Sunday, November 8, 2009

Exploring Eastern Big Bend and Terlingua

Thursday we did some exploring on this side of Big Bend.  First we went to the visitor center here at Rio Grande Village, then rode out to Boquillas Canyon where the river again cuts through a mountain in a spectacular gorge, then on towards the center of the park at Chisos Basin.  On the way we stopped at Dugout Wells where a small community sprang up around a well in the early part of last century.  The only school in the area was located there.  It is now a pleasant oasis in the middle of miles and miles of desert.  We continued on to Panther Junction where the park headquarters is located, along with the largest visitor center.  We then headed up the steep and winding road into the Chisos Mountains to Chisos Basin.

The Chisos Basin in considered the heart of Big Bend NP.  The Chisos Mountains rise from the desert floor in the center of the park to a height of 7,832 feet.  The developed area is in a bowl located within the center of the mountain.  It feels similar to being inside a volcano.  There is only one opening, called the window, with a view of the desert below.


There are very tame deer wandering around and one of them approached to within 10 feet of us as we ate a picnic lunch.  After lunch we took the Basin Loop Trail through the pines.  It was only about 2 miles but it gave us a good feel for the area.  It is just barely in the pines at about 5,400 feet, so there is a combination of trees and cactus but it was much cooler than down by the river.  We had a pleasant afternoon and plan to return to do another hike in the area, as well as have dinner at the lodge some evening.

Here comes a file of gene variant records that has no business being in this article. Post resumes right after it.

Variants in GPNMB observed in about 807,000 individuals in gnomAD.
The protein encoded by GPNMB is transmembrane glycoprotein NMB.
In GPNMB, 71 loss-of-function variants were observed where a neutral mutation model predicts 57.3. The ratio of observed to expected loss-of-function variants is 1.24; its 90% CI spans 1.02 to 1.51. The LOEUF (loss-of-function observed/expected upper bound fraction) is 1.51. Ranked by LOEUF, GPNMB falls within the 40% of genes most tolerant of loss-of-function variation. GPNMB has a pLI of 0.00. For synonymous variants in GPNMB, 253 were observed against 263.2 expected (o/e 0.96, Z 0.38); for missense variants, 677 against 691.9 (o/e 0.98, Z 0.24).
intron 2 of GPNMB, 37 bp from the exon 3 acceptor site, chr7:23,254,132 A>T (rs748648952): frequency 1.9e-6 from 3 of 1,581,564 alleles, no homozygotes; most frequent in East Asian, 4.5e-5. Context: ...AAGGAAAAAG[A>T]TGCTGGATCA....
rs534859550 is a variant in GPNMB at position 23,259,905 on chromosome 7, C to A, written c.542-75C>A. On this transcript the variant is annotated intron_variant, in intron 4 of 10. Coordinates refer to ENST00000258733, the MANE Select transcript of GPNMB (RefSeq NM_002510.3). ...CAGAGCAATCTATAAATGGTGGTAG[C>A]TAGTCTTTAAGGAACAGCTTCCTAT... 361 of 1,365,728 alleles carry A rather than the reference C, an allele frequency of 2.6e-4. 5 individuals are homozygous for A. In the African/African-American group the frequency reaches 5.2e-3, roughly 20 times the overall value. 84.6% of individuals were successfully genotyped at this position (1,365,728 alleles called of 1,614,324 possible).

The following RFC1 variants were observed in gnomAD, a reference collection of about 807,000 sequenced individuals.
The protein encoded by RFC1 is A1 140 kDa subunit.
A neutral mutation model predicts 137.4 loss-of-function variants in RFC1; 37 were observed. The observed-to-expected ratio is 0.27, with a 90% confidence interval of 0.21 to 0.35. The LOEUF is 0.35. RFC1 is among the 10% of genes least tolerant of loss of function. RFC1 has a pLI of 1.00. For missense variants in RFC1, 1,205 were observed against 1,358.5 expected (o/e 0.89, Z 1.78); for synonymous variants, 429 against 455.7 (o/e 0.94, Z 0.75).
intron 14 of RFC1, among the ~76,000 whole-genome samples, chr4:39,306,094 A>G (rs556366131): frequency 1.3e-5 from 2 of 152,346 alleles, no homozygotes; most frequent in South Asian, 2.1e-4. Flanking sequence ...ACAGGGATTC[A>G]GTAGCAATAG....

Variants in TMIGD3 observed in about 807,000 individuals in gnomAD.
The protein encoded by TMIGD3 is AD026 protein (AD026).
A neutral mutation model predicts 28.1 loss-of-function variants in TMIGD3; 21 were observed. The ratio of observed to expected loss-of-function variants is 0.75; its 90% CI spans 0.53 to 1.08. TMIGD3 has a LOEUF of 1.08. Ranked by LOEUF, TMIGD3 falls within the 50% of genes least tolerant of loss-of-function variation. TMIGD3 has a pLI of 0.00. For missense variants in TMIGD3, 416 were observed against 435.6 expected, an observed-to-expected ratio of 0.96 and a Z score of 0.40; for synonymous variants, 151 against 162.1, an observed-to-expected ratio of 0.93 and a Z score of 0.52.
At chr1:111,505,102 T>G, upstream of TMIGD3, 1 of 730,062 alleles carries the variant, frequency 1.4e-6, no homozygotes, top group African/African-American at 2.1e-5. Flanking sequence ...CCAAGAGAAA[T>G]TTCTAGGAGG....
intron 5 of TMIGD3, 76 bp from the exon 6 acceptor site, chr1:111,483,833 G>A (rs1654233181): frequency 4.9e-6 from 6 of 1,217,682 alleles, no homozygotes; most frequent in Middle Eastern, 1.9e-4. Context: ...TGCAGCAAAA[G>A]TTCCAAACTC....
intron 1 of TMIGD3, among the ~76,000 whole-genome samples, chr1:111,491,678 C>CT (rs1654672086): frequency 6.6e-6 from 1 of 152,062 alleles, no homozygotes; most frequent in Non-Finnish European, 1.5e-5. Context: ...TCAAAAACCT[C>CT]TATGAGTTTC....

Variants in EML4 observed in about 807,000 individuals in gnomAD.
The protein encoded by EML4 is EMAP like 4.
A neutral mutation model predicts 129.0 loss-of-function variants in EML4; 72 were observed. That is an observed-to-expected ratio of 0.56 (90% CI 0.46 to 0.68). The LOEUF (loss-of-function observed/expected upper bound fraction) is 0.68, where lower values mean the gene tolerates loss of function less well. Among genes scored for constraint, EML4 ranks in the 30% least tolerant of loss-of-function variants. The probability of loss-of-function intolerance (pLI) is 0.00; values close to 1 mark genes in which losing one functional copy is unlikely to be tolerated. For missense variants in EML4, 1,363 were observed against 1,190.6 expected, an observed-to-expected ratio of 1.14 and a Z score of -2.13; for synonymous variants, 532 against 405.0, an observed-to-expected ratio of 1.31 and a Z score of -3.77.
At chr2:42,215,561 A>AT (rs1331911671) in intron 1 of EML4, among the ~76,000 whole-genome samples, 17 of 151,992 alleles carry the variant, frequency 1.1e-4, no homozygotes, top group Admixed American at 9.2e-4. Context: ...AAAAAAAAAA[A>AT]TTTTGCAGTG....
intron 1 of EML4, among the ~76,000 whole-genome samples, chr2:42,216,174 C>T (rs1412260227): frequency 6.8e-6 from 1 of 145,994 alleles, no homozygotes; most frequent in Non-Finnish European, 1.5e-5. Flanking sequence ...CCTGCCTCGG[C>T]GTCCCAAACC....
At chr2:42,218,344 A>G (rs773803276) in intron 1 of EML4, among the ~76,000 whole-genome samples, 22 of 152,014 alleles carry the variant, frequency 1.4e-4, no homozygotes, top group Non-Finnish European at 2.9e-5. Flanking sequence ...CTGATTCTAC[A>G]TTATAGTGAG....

Friday we returned to Boquillas Canyon and took the short trail into the canyon.  It ends where the rock walls come down to the river.  Just before arriving at the end there is a cave high on the wall with a steep sand dune leading up to it.  The angle of the sand is extremely steep.  It took us 10 minutes or so to climb up it, but only 20 seconds to come down.

Along the trail we discovered Mexican trinkets lying on the rocks, with prices marked and jars for money.  Mexicans living across the river come over in canoes when no one is watching, and leave the items, hoping to make a little money.   As we were hiking in we were suddenly serenaded by a Mexican on the other side of the river.  We then came across jars with signs the read "Donation for Mexican Singing."  Dianna did buy a nice walking stick from one of the displays since the prices were about 1/4 of the cost for the same ones in the gift shop.  Whatever it takes.

Yesterday we decided to attend the Terlingua Chili Festival.  We had seen reference to the festival posted on the walls of some BBQ restaurants we have been in, and some of the people here in campground mentioned they were here to attend.  Terlingua is a tiny desert town just outside the park boundaries about 50 miles from the campground.  At one time it was a mining town that produced most of the mercury mined in the US.  It is now pretty much a ghost town that has become a haven for some artists and others who like to live away from it all.  It reminded us of Jerome, AZ without the mountains.